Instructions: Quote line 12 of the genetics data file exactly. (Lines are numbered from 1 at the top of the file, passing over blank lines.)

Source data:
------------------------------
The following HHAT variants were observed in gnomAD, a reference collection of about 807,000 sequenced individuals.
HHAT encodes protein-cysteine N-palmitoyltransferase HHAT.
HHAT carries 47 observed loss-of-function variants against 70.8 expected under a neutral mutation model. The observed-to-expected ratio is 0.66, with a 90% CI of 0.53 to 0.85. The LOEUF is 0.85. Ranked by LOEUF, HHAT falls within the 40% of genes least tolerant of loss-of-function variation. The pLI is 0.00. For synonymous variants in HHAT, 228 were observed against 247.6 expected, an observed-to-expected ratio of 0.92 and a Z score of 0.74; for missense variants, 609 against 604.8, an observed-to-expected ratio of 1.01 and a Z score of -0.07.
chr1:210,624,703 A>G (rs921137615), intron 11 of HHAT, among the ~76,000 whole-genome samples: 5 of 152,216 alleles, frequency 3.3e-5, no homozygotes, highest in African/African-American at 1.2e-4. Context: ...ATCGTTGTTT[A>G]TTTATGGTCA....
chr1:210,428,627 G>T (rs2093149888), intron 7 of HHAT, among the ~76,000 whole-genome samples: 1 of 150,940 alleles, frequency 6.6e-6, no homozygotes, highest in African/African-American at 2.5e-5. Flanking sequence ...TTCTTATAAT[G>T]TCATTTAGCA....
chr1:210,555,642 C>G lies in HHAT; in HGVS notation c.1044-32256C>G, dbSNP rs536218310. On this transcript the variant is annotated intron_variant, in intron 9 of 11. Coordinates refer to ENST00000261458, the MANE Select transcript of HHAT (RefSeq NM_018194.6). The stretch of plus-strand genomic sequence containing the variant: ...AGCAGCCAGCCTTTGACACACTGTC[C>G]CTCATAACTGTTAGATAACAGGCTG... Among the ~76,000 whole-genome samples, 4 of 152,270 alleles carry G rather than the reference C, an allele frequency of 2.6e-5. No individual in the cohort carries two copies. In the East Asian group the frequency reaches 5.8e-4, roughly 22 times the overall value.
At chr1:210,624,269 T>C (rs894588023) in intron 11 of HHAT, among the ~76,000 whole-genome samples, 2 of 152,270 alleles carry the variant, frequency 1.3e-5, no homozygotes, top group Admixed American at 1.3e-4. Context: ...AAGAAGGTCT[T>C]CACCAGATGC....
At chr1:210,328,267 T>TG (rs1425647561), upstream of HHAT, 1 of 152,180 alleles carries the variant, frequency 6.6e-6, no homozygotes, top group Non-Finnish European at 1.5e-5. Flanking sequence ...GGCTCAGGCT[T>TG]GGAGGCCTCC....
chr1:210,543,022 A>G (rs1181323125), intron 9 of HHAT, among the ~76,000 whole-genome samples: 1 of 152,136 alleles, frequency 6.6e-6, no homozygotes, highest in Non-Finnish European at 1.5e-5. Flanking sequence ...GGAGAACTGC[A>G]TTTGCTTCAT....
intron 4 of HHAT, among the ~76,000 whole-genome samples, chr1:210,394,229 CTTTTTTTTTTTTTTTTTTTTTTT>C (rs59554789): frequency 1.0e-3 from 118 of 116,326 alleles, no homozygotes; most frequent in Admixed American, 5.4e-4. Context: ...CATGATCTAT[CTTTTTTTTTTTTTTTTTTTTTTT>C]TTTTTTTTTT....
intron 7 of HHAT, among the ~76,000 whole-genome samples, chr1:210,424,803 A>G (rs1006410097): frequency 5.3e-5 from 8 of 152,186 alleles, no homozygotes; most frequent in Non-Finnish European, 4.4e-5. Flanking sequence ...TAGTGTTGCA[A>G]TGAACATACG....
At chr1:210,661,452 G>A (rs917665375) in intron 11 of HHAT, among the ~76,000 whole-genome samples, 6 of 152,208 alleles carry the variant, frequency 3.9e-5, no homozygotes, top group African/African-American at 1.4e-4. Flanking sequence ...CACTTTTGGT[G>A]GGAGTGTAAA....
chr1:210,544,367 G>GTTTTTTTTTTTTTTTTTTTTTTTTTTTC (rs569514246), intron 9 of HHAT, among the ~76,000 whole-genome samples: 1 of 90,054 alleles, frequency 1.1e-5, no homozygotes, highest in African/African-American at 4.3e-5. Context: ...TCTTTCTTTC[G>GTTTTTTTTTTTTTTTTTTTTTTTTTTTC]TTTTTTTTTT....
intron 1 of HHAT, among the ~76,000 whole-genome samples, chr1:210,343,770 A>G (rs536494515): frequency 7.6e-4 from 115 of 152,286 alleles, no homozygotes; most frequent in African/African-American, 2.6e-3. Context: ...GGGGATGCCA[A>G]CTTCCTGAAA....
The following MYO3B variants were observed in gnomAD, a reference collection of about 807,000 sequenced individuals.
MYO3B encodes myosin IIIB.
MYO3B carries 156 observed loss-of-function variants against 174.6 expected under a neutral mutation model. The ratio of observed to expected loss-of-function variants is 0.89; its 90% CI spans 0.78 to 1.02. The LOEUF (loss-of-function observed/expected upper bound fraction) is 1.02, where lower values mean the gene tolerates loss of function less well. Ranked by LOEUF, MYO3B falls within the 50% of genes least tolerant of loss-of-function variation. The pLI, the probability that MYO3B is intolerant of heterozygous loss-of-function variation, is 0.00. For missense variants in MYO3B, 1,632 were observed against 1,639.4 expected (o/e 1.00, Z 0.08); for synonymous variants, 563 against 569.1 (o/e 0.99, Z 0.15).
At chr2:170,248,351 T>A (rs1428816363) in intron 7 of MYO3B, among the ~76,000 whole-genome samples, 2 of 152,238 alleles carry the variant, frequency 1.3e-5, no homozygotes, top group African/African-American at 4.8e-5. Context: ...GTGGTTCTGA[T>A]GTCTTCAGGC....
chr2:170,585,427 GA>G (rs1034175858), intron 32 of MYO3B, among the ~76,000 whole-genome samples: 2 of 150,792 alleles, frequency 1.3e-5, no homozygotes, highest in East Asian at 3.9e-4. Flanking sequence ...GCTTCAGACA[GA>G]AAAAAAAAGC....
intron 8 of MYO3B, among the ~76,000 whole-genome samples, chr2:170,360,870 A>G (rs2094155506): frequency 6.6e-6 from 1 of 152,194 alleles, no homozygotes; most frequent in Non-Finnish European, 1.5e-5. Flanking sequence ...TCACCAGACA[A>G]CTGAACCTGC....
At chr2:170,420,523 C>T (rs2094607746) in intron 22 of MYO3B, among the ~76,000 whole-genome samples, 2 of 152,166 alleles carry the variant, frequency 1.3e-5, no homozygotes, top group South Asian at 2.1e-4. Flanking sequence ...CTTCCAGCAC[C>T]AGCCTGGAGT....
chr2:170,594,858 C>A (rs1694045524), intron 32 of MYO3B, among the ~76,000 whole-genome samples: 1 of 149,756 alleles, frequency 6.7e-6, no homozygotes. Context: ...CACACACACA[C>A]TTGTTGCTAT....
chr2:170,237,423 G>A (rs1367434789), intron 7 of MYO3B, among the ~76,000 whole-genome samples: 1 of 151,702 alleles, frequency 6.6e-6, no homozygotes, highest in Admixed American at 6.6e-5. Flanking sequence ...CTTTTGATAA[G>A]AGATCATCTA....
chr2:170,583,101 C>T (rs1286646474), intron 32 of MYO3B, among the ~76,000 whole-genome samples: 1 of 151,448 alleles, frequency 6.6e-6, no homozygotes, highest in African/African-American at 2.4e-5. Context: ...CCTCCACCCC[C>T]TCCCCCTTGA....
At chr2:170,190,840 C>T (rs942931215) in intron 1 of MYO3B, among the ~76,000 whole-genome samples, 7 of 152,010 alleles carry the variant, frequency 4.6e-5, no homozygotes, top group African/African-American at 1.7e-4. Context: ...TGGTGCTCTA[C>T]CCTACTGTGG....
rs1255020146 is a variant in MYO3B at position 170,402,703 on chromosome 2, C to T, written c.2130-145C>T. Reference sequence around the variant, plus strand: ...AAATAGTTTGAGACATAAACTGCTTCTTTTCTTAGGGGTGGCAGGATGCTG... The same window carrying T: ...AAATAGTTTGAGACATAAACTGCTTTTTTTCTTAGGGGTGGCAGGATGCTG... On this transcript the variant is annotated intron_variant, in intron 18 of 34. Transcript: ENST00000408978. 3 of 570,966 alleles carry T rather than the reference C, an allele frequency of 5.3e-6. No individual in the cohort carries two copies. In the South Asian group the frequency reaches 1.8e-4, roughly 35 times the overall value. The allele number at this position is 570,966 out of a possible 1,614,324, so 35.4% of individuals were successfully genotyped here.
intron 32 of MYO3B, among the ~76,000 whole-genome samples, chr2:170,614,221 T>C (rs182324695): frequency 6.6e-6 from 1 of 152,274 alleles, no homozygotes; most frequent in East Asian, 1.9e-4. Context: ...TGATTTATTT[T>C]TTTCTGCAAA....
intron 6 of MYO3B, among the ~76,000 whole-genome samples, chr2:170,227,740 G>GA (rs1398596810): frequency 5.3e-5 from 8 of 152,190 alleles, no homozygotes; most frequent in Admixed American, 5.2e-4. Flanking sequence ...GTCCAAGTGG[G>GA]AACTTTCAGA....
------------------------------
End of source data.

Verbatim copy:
At chr1:210,661,452 G>A (rs917665375) in intron 11 of HHAT, among the ~76,000 whole-genome samples, 6 of 152,208 alleles carry the variant, frequency 3.9e-5, no homozygotes, top group African/African-American at 1.4e-4. Flanking sequence ...CACTTTTGGT[G>A]GGAGTGTAAA....